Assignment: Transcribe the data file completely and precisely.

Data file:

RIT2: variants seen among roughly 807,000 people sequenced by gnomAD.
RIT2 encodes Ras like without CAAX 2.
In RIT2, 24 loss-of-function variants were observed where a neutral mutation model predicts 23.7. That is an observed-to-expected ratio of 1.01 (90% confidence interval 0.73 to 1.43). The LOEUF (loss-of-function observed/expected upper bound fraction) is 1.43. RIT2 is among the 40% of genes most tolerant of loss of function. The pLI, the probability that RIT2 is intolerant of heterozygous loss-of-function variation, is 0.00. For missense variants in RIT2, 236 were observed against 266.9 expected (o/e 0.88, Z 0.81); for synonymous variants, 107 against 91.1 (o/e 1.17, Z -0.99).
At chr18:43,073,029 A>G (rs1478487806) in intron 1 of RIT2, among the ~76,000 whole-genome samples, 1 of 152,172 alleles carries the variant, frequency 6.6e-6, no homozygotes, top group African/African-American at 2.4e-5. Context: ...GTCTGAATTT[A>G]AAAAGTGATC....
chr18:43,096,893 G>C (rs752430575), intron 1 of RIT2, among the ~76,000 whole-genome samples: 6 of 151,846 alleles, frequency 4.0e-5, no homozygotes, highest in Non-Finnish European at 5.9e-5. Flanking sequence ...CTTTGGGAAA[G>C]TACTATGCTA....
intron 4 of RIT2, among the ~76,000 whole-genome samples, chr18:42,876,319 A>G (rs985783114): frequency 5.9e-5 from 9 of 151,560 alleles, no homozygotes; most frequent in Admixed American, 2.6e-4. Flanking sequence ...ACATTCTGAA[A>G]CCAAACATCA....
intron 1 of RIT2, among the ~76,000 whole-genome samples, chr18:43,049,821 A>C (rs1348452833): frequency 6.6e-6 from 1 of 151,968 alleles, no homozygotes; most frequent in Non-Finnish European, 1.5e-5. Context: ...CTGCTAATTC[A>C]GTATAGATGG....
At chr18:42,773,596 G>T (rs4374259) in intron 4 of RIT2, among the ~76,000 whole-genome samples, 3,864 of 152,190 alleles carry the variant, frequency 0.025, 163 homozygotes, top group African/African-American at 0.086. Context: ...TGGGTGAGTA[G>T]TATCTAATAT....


RIT2: variants seen among roughly 807,000 people sequenced by gnomAD.
RIT2 encodes Ras like without CAAX 2.
In RIT2, 24 loss-of-function variants were observed where a neutral mutation model predicts 23.7. That is an observed-to-expected ratio of 1.01 (90% confidence interval 0.73 to 1.43). The LOEUF (loss-of-function observed/expected upper bound fraction) is 1.43. RIT2 is among the 40% of genes most tolerant of loss of function. The pLI, the probability that RIT2 is intolerant of heterozygous loss-of-function variation, is 0.00. For missense variants in RIT2, 236 were observed against 266.9 expected (o/e 0.88, Z 0.81); for synonymous variants, 107 against 91.1 (o/e 1.17, Z -0.99).
At chr18:43,073,029 A>G (rs1478487806) in intron 1 of RIT2, among the ~76,000 whole-genome samples, 1 of 152,172 alleles carries the variant, frequency 6.6e-6, no homozygotes, top group African/African-American at 2.4e-5. Context: ...GTCTGAATTT[A>G]AAAAGTGATC....
chr18:43,096,893 G>C (rs752430575), intron 1 of RIT2, among the ~76,000 whole-genome samples: 6 of 151,846 alleles, frequency 4.0e-5, no homozygotes, highest in Non-Finnish European at 5.9e-5. Flanking sequence ...CTTTGGGAAA[G>C]TACTATGCTA....
intron 4 of RIT2, among the ~76,000 whole-genome samples, chr18:42,876,319 A>G (rs985783114): frequency 5.9e-5 from 9 of 151,560 alleles, no homozygotes; most frequent in Admixed American, 2.6e-4. Flanking sequence ...ACATTCTGAA[A>G]CCAAACATCA....
intron 1 of RIT2, among the ~76,000 whole-genome samples, chr18:43,049,821 A>C (rs1348452833): frequency 6.6e-6 from 1 of 151,968 alleles, no homozygotes; most frequent in Non-Finnish European, 1.5e-5. Context: ...CTGCTAATTC[A>C]GTATAGATGG....
At chr18:42,773,596 G>T (rs4374259) in intron 4 of RIT2, among the ~76,000 whole-genome samples, 3,864 of 152,190 alleles carry the variant, frequency 0.025, 163 homozygotes, top group African/African-American at 0.086. Context: ...TGGGTGAGTA[G>T]TATCTAATAT....